Miami cuts ties with remaining player with unresolved NCAA issues
Dyron Dye has signed an affidavit in May that basically recanted incriminated evidence given to the NCAA.
Defensive lineman Dyron Dye, the lone Miami player still with unresolved NCAA issues, will not be part of the Hurricanes this season, the university told CBSSports.com on Monday afternoon.
The school has concluded that Dye’s situation is “too much of a distraction” according to a source close to the situation. Dye and his attorney had been awaiting clarification from the NCAA on the player’s eligibility status. Dye interviewed with NCAA investigators three times regarding the still-unresolved Nevin Shapiro case.
According to a statement given to CBSSports.com on Monday: “The University of Miami has informed football player Dyron Dye that he will no longer be a member of the Miami football program. Given the totality of the circumstances and unresolved issues regarding the NCAA investigation, the University has decided to move ahead.”
In May, Dye filed an affidavit that refuted some of his earlier testimony to the NCAA. The affidavit supported former Miami assistant coach Aubrey Hill who has been charged with unethical conduct by the NCAA. At issue is whether, by changing his testimony, to the NCAA Dye violated NCAA Bylaw 10.1 that deals with unethical conduct.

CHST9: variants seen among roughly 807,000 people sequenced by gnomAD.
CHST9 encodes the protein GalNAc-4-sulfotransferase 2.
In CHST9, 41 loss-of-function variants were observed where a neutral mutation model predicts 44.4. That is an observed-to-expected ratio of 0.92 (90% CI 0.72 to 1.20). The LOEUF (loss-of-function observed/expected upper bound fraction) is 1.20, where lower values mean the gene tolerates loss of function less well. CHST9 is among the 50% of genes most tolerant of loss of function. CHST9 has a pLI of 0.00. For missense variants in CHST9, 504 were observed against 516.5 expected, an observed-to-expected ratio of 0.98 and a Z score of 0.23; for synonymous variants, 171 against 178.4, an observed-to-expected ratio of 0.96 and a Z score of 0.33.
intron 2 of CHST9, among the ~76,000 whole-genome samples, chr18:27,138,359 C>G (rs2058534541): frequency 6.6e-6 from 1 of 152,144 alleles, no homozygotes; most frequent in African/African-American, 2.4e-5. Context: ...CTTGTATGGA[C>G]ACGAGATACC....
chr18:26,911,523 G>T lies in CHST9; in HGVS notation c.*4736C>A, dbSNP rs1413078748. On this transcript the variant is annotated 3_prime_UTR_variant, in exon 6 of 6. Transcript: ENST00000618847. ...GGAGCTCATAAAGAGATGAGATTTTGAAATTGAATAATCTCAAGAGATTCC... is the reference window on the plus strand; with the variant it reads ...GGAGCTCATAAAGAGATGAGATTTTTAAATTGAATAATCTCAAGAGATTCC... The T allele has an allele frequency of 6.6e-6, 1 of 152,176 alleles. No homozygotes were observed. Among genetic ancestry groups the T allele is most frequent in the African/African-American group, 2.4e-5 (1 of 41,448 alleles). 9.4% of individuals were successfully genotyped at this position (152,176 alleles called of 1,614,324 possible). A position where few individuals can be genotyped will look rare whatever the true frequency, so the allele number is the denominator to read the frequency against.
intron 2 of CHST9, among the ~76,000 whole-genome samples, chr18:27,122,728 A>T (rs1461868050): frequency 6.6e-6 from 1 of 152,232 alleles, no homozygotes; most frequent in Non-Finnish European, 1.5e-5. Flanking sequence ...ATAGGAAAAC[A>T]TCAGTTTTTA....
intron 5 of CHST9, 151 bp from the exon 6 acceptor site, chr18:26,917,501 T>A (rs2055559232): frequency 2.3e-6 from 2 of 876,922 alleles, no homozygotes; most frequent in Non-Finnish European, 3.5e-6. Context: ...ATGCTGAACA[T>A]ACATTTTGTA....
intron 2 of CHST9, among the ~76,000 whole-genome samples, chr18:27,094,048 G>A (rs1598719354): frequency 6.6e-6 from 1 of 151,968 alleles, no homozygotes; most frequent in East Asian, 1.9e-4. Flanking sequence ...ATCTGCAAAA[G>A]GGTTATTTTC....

That point seems moot now that the school will not be welcoming Dye for his redshirt senior season. His college career, at least at Miami, is essentially over. Dye, who is considering graduate school, will continue to receive financial aid from the school throughout the academic year, the source said. It should be noted this is not an NCAA decision, but may have been prompted by lack of resolution in Dye’s case.
“This is Miami’s decision,” the source added.
Dye was waiting Monday to be cleared after rehabbing from an Achilles’ tendon injury. In June, Dye filed an incident report with the Coral Gables police department saying “intimidating tactics” had been used by since-retired NCAA investigator Rich Johanningmeier. The complaint was referred to the state attorney’s office which took no action according to a source.
In the affidavit, Dye basically recanted key points of 2011 interviews with the NCAA. He was one of eight Miami players suspended by the school before the 2011 season. The players were then reinstated after paying restitution. According to the Miami Herald, Dye repaid $738 in benefits received from Shapiro.
Miami continues to await additional sanctions, if any, in the 2 ½-year old case.
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